Even if we grossly oversimplify Prabhupada’s philosophy into a binary demon-devotee perspective, it does not logically follow that such a view creates an “Us versus Them” attitude.  

Did Prabhupada have a policy of barring demons from chanting Hare Krishna or rendering service to the Lord?  A devotee may have been a demon in a past life.  Prabhupada teaches that the cult of bhakti has the potency to purify demons, and he welcomes everyone to take up Krishna Consciousness [Lecture, Srimad-bhagavatam 1.8.41, Māyāpura, October 21, 1974].  Is Prabhupada really the source of the “Us versus Them” mentality?  Once again, the Addendum does not present differing views on Prabhupada.  Rather, the Addendum distorts Prabhupada’s teachings to force him to fit Margaret Thaler Sanger’s definition of a harmful cult.

Cults do in fact promote black-and-white thinking, an all-or-nothing point of view, as Doktorski writes (p. 268).  Prabhupada differs from the cult stereotype—he does not preach a no-middle-position philosophy in which only 2 extreme destinations are available, e.g. heaven or hell.  Proponents of reincarnation do not have an all-or-nothing perspective.  

Prabhupada assures us that “One percent done in Krishna consciousness bears permanent results, so that the next beginning is from the point of two percent; whereas, in material activity, without a hundred percent success, there is no profit.” [Bhagavad-gita 2.40, purport]    

Prabhupada rejects the all-or-nothing point of view.  “Those who are righteous in performing devotional service but who are not pure can attain the planetary system of the polestar, or Dhruvaloka.” [Bhagavad-gita 18.71, purport]  I hear Dhruvaloka is a nice place.  

Rather than procrastinating, it appears Prabhupada wanted people to immediately commit to a program of spiritual advancement.  Although the Lord gives us many lifetimes to attain purity, His patient mercy does not in any way lessen the urgency of Krishna Consciousness.  Prabhupada’s apparent dislike of procrastination may be misinterpreted or confused as an all-or-nothing attitude.        

When disciples defected and left ISKCON, the managers and the remaining faithful devotees labeled the departing disciples as traitors, according to Doktorski [p. 283].   Of this, I have no doubt.  In contrast, I strongly doubt that Prabhupada ridiculed and berated the memory of former disciples.  Prabhupada’s edition of Bhagavad-gita clearly explains that even if a transcendentalist desists due to worldly-mindedness, he is permitted by the grace of the Lord, to make full utilization of his material propensities. And after that, he is given opportunities to live prosperous lives in righteous or aristocratic families. Those who are born in such families may take advantage of the facilities and try to elevate themselves to full Krishna consciousness.  Please see Bhagavad-gita 6.37 – 6.45 for the full explanation.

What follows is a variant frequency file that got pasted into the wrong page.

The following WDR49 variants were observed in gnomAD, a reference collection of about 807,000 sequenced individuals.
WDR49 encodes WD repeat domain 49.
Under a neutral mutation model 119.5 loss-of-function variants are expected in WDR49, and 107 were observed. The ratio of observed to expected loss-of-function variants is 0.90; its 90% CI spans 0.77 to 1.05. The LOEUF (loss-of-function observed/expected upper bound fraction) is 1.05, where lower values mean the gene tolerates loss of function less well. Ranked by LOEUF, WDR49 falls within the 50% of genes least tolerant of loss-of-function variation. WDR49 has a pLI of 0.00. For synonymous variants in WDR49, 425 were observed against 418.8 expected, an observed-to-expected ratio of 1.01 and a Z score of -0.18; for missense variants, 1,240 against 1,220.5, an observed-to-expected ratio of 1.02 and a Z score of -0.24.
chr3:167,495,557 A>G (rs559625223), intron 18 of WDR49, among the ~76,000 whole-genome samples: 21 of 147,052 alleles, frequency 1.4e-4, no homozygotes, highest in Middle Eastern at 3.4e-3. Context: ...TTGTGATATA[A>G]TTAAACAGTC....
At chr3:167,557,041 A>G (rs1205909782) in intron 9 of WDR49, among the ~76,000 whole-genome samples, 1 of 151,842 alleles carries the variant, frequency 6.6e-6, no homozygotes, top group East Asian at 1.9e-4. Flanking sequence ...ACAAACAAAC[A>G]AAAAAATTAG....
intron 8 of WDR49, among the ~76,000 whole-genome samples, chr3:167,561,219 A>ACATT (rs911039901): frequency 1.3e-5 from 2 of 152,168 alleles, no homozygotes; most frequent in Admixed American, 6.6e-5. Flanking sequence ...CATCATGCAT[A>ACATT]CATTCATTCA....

Anyone who ridicules or berates the service of former disciples actually violates Prabhupada’s teachings.  Did Prabhupada ever refer to Kirtanananda as a traitor?  Personally, I wish Prabhupada had never shed a single tear for Kirtanananda, but obviously, I do not have Prabhupada’s Vaishnava compassion.  

Citing Singer, the Addendum describes one way in which the cult attracts recruits: “Cults offer instant, simplistic, and focused solutions to life’s problems.”  Would Singer’s statement also apply to the Christian teaching that salvation is a free gift?  To be sure, Shrila Prabhupada did, in some respects, frame problems in parsimonious terms and offer simple, powerful solutions.  For example, Shrila Prabhupada explained that though the earth produces enough grain, it is not evenly distributed, leading to profuse supplies in some regions and scarcity in other areas.  The problem is not insufficient production, but rather poor distribution. [Srimad-bhagavatam 4.17.25, purport] 

Now fast forward to the year 1998.  Amartya Sen was awarded the Nobel Prize in Economic Sciences for insights that are quite similar to Prabhupada’s.  Amartya Sen found that famines and chronic hunger are caused more by inequitable distribution than insufficient quantities of food production.  Sen’s analysis demonstrated that in many cases of famine, food supplies were not significantly reduced.  Nobel-prize winning ideas can be quite simple.  Never underestimate the power of parsimony and simplicity.  

After the devotee accepts Prabhupada’s “simple” solutions and simple lifestyle, complex challenges arise.  Prabhupada gave us a rich, nuanced philosophy.  It is not easy for devotees to present the philosophy, and respond to questions and verbal challenges, including those articulated by Doktorski in his insightful books!  Also, devotees found themselves doing and accomplishing projects they never dreamed possible.  There were a lot of screw-ups, but that also indicates that these “simple” Vaishnava solutions opened the door to embracing complex challenges involved in building a preaching movement.